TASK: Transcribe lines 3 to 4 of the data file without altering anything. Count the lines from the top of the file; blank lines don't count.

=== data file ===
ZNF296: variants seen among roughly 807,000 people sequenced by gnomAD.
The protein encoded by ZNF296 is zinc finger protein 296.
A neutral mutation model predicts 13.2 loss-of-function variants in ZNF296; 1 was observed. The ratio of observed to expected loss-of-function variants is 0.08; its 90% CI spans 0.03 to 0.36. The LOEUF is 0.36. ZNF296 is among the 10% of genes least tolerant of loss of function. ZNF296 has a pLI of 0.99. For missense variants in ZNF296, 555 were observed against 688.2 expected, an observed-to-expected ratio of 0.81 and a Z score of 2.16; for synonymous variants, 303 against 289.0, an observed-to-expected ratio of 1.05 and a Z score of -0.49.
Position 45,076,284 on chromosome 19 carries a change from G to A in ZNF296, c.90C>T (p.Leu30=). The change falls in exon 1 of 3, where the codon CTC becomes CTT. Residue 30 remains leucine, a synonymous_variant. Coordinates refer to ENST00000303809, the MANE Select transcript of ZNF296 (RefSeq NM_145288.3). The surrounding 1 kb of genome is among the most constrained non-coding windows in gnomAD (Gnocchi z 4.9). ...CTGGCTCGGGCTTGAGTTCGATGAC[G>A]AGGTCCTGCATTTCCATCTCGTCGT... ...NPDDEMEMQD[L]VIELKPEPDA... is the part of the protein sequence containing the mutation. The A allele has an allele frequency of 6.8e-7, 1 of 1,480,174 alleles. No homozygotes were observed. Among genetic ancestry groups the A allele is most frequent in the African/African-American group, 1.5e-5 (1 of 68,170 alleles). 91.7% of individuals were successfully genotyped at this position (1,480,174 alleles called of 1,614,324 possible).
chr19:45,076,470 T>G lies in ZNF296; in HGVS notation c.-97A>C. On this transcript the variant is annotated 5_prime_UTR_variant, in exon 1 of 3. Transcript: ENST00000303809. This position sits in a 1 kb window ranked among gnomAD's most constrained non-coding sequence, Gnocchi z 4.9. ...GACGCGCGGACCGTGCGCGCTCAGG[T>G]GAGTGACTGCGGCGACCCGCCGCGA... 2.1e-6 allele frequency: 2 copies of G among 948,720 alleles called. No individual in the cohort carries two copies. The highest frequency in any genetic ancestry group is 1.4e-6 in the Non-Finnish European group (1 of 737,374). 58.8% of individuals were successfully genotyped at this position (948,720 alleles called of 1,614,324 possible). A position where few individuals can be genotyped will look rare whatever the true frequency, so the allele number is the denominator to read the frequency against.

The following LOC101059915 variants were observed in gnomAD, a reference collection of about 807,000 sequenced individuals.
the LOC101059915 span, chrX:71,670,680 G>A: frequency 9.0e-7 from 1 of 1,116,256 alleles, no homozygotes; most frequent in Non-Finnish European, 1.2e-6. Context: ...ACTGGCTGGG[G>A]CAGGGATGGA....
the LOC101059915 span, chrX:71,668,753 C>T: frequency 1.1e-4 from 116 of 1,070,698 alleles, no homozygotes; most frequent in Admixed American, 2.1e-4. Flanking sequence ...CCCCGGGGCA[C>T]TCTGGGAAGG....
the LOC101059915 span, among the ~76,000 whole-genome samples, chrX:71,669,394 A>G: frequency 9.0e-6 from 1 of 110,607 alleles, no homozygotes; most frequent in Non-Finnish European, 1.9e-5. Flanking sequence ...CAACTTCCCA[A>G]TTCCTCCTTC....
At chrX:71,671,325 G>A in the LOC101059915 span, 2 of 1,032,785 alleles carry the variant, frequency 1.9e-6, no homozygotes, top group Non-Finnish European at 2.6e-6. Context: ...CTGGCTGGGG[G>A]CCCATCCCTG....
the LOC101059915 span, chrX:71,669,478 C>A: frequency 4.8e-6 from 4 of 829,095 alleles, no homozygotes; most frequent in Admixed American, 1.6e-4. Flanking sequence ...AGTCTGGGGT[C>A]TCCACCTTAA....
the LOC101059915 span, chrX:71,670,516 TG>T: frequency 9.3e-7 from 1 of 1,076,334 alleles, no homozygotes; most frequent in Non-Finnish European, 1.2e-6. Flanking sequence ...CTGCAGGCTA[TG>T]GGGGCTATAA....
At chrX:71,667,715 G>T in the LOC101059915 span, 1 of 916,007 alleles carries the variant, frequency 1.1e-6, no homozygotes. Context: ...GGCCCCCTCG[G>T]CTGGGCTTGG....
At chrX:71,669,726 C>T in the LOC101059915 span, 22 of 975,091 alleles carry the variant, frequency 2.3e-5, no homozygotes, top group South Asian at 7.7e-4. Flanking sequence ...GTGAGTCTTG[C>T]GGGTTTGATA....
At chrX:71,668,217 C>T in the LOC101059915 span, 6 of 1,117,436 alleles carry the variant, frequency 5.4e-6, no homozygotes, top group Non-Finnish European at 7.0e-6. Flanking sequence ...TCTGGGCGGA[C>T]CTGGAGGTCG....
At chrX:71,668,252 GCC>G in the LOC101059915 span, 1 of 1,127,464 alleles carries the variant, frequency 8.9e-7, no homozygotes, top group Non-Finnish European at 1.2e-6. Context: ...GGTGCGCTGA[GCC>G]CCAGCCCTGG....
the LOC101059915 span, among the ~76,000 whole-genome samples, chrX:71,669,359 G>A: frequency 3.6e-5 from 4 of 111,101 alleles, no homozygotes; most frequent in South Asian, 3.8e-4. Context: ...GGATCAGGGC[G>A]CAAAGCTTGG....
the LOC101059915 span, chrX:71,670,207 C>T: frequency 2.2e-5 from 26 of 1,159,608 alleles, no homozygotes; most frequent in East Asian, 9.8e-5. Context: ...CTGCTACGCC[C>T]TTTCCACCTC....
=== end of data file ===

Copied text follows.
A neutral mutation model predicts 13.2 loss-of-function variants in ZNF296; 1 was observed. The ratio of observed to expected loss-of-function variants is 0.08; its 90% CI spans 0.03 to 0.36. The LOEUF is 0.36. ZNF296 is among the 10% of genes least tolerant of loss of function. ZNF296 has a pLI of 0.99. For missense variants in ZNF296, 555 were observed against 688.2 expected, an observed-to-expected ratio of 0.81 and a Z score of 2.16; for synonymous variants, 303 against 289.0, an observed-to-expected ratio of 1.05 and a Z score of -0.49.
Position 45,076,284 on chromosome 19 carries a change from G to A in ZNF296, c.90C>T (p.Leu30=). The change falls in exon 1 of 3, where the codon CTC becomes CTT. Residue 30 remains leucine, a synonymous_variant. Coordinates refer to ENST00000303809, the MANE Select transcript of ZNF296 (RefSeq NM_145288.3). The surrounding 1 kb of genome is among the most constrained non-coding windows in gnomAD (Gnocchi z 4.9). ...CTGGCTCGGGCTTGAGTTCGATGAC[G>A]AGGTCCTGCATTTCCATCTCGTCGT... ...NPDDEMEMQD[L]VIELKPEPDA... is the part of the protein sequence containing the mutation. The A allele has an allele frequency of 6.8e-7, 1 of 1,480,174 alleles. No homozygotes were observed. Among genetic ancestry groups the A allele is most frequent in the African/African-American group, 1.5e-5 (1 of 68,170 alleles). 91.7% of individuals were successfully genotyped at this position (1,480,174 alleles called of 1,614,324 possible).